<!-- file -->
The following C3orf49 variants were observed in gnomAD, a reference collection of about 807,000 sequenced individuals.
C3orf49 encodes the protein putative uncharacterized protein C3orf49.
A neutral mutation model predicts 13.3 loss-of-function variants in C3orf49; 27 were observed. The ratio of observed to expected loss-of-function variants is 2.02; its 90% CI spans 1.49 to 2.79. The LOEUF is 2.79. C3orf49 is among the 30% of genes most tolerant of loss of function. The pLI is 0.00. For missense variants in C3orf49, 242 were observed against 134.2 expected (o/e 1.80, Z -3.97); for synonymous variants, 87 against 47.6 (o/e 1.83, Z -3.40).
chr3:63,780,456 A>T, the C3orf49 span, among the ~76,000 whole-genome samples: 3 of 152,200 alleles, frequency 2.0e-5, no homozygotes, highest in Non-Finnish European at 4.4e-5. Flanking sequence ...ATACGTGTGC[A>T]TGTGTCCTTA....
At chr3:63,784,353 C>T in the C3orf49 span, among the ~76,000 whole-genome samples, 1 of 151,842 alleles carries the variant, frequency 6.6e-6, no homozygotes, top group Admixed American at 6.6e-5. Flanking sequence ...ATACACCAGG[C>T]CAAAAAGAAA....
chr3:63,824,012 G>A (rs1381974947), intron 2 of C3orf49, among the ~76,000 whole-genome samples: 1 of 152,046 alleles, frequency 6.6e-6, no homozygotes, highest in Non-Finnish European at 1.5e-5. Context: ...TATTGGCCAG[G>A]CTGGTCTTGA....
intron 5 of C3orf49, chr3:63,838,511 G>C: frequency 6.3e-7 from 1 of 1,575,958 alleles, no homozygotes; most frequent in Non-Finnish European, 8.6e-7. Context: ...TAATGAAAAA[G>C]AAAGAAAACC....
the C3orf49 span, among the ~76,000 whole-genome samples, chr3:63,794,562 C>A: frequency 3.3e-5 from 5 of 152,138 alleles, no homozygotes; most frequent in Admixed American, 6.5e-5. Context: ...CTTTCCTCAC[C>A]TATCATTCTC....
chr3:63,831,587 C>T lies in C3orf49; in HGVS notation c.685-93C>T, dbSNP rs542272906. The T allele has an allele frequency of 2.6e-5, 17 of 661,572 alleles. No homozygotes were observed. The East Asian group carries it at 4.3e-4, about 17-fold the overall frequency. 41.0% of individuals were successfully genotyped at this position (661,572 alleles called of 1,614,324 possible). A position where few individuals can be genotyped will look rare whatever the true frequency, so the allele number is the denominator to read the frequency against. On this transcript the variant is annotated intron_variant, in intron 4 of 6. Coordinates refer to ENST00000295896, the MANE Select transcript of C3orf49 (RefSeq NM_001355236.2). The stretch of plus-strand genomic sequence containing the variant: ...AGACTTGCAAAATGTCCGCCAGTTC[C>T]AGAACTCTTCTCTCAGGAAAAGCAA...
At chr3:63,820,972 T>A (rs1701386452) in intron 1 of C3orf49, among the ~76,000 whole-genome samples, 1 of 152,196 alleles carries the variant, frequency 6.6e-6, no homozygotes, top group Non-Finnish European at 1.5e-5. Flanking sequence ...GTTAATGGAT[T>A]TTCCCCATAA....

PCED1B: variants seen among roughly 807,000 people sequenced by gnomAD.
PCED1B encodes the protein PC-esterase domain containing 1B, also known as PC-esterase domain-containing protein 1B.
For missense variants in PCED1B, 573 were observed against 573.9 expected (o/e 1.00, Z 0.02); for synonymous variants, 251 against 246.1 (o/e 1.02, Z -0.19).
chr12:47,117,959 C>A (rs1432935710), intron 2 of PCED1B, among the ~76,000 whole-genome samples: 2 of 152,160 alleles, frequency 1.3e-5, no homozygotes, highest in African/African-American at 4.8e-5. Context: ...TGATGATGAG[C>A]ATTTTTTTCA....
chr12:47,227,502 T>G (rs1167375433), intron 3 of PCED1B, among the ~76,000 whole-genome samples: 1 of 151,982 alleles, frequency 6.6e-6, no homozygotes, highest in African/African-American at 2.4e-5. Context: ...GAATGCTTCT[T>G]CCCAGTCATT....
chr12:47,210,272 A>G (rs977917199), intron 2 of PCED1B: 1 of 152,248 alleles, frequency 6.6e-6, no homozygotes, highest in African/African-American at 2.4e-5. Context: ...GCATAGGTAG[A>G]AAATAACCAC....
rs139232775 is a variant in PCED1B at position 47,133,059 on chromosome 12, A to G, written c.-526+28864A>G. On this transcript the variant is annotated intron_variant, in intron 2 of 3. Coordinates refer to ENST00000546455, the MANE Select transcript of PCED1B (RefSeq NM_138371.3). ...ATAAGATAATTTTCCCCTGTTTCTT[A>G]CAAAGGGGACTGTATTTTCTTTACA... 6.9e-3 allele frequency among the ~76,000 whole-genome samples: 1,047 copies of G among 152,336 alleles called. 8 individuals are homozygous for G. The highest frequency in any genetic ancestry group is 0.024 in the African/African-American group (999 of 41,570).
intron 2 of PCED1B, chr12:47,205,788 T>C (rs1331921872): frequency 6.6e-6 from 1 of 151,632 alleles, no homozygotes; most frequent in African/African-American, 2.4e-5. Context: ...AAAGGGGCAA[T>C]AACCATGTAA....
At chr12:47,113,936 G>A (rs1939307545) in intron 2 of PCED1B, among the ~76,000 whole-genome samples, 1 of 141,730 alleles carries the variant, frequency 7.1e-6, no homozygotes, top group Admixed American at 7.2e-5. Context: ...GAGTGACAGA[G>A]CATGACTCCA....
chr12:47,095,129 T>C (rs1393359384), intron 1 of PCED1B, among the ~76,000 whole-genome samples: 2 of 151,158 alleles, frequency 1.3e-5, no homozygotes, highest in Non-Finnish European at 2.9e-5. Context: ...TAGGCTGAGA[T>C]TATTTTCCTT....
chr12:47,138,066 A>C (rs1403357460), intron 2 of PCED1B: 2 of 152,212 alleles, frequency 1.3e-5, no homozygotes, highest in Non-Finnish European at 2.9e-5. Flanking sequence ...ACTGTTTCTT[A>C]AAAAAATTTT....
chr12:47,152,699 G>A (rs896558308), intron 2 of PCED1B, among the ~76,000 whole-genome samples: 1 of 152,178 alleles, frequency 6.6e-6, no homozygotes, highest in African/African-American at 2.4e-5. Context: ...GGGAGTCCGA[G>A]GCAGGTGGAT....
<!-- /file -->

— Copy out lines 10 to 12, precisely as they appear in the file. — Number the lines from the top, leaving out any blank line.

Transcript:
At chr3:63,820,972 T>A (rs1701386452) in intron 1 of C3orf49, among the ~76,000 whole-genome samples, 1 of 152,196 alleles carries the variant, frequency 6.6e-6, no homozygotes, top group Non-Finnish European at 1.5e-5. Flanking sequence ...GTTAATGGAT[T>A]TTCCCCATAA....

PCED1B: variants seen among roughly 807,000 people sequenced by gnomAD.
PCED1B encodes the protein PC-esterase domain containing 1B, also known as PC-esterase domain-containing protein 1B.